Kerry Dawkins, 2011

Let me say this loud and clear: I hate integration evangelism.

Integration evangelism is the overzealous promotion of integration (that is, trying to ‘combine’ all system members into a so-called ‘single personality’) as a universal treatment for all plurality, regardless of a system’s actual functioning level. It’s the stance I’ve seen people take if they’re invested in the medical model of multiplicity.

Keep in mind that I’m not against the medical model as such; I’m against the medicalisation of all plural identities, and I’m against ‘normalisation’ as a universal treatment for mental difference, especially mental difference that doesn’t always cause an impairment in functioning. (And even if it does, I’m more in favour of accommodation in most cases.)

Integration evangelism shows no respect for the diversity of human thought. It assumes that healthy mental functioning only has one model, and that anyone who deviates from it can’t be healthy, regardless of what a system’s actual experiences might be. It’s one-size-fits all therapy; it’s not actually centred on us as much as it is an imagined ideal of what functionality looks like.

I understand that many of the people whom I deem to be ‘integration evangelists’ purport to have a vested interest in the mental health of the plurals they evangelise integration to. However, integration isn’t the solution for all systems, including ours. In our case, we are vastly more functional working as separate individuals than we would be were we to ‘integrate’. In any case, I don’t think you could integrate us, in the first place: we’re each separate individuals with differing tastes, values and opinions, and even where we do agree, we don’t do it in the same way. I’m not Hess, and he isn’t me, and it’d be pretty difficult, if not impossible, to ‘integrate’ me with him. We may use the same ‘hardware’, but the way we each use that hardware is different. It’s like running Windows, Mac OS X and Linux on the same computer. Each operating system has its own way of handling files, applications and system processes, even if they’re running on the same computer—would you claim that Mac OS is the same operating system as Windows, even though they’re being hosted on the same hard drive and have the same amount of RAM allocated to them? Definitely not. In the same way, ‘Kerry OS’ isn’t identical to ‘Hess OS’, and a hybrid ‘Kerry/Hess’ OS would be a mess.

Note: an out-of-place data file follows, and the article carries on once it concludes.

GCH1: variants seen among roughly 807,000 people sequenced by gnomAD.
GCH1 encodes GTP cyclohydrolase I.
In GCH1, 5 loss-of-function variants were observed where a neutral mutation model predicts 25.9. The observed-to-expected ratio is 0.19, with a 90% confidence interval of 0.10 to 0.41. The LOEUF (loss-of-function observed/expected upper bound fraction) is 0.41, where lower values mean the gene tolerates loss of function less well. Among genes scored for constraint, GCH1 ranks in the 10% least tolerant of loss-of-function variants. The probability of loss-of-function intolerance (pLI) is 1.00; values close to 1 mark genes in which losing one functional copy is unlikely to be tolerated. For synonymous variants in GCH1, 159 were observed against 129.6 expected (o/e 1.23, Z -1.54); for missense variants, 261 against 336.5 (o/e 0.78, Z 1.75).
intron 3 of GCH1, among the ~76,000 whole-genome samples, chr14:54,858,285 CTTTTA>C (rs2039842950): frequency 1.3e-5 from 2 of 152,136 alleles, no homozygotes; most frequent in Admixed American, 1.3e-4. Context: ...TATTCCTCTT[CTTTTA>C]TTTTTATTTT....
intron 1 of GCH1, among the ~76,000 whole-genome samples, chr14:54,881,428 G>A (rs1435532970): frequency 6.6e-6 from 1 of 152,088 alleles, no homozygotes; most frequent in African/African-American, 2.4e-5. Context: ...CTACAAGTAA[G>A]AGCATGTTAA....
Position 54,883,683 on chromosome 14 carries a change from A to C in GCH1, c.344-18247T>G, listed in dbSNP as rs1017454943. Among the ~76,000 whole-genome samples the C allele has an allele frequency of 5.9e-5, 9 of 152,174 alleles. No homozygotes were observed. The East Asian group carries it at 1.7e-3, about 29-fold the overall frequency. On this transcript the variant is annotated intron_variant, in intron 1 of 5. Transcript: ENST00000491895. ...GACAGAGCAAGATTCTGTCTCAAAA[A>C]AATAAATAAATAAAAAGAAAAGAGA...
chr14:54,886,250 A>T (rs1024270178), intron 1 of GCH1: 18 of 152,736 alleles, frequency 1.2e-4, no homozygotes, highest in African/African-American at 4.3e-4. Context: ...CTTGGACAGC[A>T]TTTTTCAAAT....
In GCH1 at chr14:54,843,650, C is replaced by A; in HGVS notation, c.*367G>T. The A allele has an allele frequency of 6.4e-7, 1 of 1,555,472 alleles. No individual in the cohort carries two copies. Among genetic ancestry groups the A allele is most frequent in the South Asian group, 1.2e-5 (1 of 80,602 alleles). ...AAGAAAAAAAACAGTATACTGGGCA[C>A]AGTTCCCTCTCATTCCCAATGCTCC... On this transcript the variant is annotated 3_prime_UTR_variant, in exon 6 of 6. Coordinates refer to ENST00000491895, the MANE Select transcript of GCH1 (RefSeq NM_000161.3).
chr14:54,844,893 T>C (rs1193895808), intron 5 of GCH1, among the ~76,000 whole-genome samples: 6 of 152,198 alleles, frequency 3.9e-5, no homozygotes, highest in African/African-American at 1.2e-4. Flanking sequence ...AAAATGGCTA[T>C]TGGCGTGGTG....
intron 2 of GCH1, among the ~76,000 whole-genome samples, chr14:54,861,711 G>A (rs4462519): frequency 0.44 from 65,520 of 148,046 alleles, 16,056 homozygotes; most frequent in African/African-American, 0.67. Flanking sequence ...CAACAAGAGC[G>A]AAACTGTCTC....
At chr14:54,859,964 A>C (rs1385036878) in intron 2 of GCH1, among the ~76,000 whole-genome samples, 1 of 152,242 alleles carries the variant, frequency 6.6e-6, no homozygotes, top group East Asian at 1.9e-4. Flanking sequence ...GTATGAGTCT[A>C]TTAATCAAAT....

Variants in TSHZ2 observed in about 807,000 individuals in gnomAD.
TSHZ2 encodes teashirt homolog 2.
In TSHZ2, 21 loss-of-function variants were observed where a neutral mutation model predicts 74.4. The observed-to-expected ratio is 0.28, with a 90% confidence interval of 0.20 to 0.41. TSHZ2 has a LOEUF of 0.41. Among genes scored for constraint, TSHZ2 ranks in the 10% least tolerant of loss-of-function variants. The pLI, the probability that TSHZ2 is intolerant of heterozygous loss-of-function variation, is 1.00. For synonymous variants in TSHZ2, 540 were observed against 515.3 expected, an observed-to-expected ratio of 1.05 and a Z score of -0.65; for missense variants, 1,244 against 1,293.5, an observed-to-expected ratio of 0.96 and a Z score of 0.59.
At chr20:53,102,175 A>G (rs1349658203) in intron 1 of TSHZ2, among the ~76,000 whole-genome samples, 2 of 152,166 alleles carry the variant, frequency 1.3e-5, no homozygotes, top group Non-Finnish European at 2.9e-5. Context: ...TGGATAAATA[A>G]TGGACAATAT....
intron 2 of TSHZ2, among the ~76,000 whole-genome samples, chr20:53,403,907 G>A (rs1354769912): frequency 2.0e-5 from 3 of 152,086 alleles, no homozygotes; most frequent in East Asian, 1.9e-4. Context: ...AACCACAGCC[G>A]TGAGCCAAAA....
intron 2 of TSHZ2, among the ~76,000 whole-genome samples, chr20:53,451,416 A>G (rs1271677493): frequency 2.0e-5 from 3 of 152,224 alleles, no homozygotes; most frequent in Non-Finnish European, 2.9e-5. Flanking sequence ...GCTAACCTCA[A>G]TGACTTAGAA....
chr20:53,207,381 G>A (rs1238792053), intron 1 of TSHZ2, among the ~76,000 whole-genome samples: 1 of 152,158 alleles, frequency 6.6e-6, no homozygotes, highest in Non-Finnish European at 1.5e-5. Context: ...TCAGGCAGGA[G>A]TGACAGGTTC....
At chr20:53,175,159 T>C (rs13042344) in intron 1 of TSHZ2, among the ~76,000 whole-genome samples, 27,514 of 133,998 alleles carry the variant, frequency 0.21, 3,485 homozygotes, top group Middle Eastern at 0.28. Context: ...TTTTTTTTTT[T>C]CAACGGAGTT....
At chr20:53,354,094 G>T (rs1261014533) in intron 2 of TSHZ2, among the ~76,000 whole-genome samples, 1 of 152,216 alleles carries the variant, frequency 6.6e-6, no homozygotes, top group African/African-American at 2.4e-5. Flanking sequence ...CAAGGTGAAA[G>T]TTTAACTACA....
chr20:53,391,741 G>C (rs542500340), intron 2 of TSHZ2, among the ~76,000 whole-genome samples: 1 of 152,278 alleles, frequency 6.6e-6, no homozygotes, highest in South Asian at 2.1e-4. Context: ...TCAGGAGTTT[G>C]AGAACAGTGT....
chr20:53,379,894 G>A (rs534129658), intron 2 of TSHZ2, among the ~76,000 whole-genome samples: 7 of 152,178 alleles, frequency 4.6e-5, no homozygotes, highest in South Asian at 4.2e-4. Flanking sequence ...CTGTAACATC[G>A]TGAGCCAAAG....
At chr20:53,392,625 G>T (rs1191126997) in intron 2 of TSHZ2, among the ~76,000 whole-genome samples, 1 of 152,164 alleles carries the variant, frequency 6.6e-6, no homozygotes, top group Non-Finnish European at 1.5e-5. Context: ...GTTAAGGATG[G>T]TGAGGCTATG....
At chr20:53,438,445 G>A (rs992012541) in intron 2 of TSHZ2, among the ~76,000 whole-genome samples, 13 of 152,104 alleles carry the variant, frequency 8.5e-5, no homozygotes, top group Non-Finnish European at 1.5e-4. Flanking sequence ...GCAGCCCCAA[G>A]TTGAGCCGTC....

When I see integration evangelists posting about how we all need to integrate in order to be whole and healthy, it reminds me of fundamentalist ministers telling queer people that they all need to be straight so that they can be ‘right with God’. Instead of embracing difference, there’s a wholesale shunning of it, more out of personal discomfort than out of an actual concern for health and functionality. I believe in self-determination, not self-destruction in favour of some imagined ideal of What Personhood Should Look Like.